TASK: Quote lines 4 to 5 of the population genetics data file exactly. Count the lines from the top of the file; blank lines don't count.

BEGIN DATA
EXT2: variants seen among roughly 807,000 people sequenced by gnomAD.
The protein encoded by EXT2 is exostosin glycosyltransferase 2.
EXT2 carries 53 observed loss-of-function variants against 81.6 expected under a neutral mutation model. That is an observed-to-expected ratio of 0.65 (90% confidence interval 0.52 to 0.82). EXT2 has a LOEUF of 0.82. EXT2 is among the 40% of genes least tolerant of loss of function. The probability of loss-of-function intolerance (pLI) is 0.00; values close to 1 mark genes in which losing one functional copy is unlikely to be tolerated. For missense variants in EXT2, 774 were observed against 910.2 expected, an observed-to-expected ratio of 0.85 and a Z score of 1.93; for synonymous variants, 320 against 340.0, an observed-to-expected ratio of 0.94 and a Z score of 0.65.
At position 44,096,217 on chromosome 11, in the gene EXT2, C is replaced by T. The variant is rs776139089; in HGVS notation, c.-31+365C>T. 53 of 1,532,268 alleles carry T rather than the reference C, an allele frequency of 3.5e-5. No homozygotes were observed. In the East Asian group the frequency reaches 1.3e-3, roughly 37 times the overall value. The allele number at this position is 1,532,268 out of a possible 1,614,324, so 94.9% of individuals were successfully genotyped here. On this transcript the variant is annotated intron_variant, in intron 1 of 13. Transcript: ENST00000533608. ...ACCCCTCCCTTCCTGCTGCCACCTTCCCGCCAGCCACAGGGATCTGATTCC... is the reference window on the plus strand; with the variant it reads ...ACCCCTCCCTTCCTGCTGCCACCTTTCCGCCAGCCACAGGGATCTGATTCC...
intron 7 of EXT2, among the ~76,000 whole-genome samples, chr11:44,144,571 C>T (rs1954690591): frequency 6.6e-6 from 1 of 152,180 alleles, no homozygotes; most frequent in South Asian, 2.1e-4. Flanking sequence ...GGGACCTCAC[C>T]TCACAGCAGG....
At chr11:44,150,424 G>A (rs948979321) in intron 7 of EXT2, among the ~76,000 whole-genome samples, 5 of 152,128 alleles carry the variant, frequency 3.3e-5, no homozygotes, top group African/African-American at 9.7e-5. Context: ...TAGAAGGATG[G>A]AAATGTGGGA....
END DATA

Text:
At position 44,096,217 on chromosome 11, in the gene EXT2, C is replaced by T. The variant is rs776139089; in HGVS notation, c.-31+365C>T. 53 of 1,532,268 alleles carry T rather than the reference C, an allele frequency of 3.5e-5. No homozygotes were observed. In the East Asian group the frequency reaches 1.3e-3, roughly 37 times the overall value. The allele number at this position is 1,532,268 out of a possible 1,614,324, so 94.9% of individuals were successfully genotyped here. On this transcript the variant is annotated intron_variant, in intron 1 of 13. Transcript: ENST00000533608. ...ACCCCTCCCTTCCTGCTGCCACCTTCCCGCCAGCCACAGGGATCTGATTCC... is the reference window on the plus strand; with the variant it reads ...ACCCCTCCCTTCCTGCTGCCACCTTTCCGCCAGCCACAGGGATCTGATTCC...
intron 7 of EXT2, among the ~76,000 whole-genome samples, chr11:44,144,571 C>T (rs1954690591): frequency 6.6e-6 from 1 of 152,180 alleles, no homozygotes; most frequent in South Asian, 2.1e-4. Flanking sequence ...GGGACCTCAC[C>T]TCACAGCAGG....